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Author Topic: Taking the leap  (Read 488 times)

B737doc

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  • 1992 Challenger
Taking the leap
« on: August 21, 2017, 06:41:01 AM »
    Hoping to got take ownership of our new (to us) 32 foot "Challenger" motorhome today.  Very big decision, and a bit scary, as I know NOTHING about RV's. I have been a airline maintenance technician for 35 years now, and working on cars all of my life.  I had prayed on the idea for guidance and had not had any luck after an endless search.  My wife begged me to make one more stop Saturday coming home from yet another disappointing trip to look at one.  It was about 95 degrees out, so I was quite frustrated and tired of looking at used RV's. 
  We put in the address of a motorhome that I thought was too big (32 feet), and arrived a short time later.  We pulled into the driveway of one of the most immaculate, humble houses and property I had ever seen! Everything was perfect and very impressive. There were hand made Jesus glorification signs posted along the roadside in front of the house that warmed my heart, and made me feel relaxed and welcome. 
  "Jim" was waiting in his driveway, a very kind gentle and feeble gentleman that had a firm handshake, looked me eye to eye welcomed us to his home.  Beside the house was the VERY impressive motorhome. A 1992 "Challenger" by Damon.  He commenced taking us on a tour of the vehicle which like everything else he owned, was immaculate.  The inside appeared new, with an AC unit blowing frigid air from the ceiling. The refrigerator was running, as well as the microwave having power, and all lights functioning. 
   Now the big question.....Does it now, or ever had any roof leaks?  "Yes Sir it has, and here is where we had it, how we fixed it, and recovered the roof".  The evidence of the repair was very professionally done, as well as the roof, that was flawless as far as a quality application.  "It's been pouring rain here the last couple of weeks, as you know, and there, as you can see, are no leaks".  I personally inspected every crevice, nook, and cranny with my light, and found no evidence of water encroachment ANYWHERE. Underneath the vehicle, I find a brand new engine starter, that's actually sealed with white RTV around the mating surface. All tanks, exhaust, and drivetrain are impeccable, with no evidence of fluid leaks anywhere.  Brand new brake lines freshly installed, as stated, as well as new disc brakes all around. Tires appear new, but could not determine date of manufacture. Popping the hood, a new air conditioner compressor, as well as all new hoses are evident.  He replaced these components on the Chevy 454 engine that was showing 115,000 miles on the odometer.  All fluids appear fresh, as well as a full windshield washer reservoir. And all new in appearance batteries.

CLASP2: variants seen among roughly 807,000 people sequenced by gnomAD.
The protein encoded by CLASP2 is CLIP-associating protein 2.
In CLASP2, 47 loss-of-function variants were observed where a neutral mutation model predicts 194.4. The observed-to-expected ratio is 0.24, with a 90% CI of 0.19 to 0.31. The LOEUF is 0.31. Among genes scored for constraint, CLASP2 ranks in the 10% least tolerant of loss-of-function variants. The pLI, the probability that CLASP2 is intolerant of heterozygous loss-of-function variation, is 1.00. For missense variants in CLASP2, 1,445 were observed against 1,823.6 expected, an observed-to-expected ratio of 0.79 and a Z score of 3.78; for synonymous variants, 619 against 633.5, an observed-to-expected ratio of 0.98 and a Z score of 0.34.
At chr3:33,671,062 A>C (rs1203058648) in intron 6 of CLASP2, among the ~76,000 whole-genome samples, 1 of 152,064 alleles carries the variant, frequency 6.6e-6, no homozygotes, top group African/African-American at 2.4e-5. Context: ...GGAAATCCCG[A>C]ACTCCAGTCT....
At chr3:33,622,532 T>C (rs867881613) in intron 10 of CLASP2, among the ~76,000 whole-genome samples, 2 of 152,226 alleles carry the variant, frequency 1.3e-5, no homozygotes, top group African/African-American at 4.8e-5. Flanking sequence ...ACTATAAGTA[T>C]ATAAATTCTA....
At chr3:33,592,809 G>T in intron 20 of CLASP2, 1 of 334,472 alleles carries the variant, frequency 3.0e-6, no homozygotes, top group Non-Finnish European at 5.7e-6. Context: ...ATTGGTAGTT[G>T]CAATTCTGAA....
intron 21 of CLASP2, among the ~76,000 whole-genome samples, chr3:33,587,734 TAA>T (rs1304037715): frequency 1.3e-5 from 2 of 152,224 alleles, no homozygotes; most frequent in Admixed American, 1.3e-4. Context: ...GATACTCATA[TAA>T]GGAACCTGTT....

I asked him if the onboard generator ran, and told me "absolutely".  He tried to start the generator, but with a very healthy spin, she tried, but just couldn't quite get started. This angered him, and swore it had been starting right up every time.  "Of coarse it's gonna do this NOW"!  He assured me he would have the generator carburetor freshly rebuilt today (Monday).  He then showed us how everything works, and the procedure for connecting, disconnecting, filling, dumping, switching, and storing everything on board.  All equipment and necessities were stored in their place, almost OCD style.  We couldn't figure out how to deploy the awning, as he said he had never used it.  What we could see of it, it looked serviceable. 
   I winked at my wife that had a satisfying smile on her face, and shook Jims hand and made the deal. "I don't sell no junk, and everything I own is a reflection of me personally". The integrity and ethics of this man was very rarely seen, and very obvious.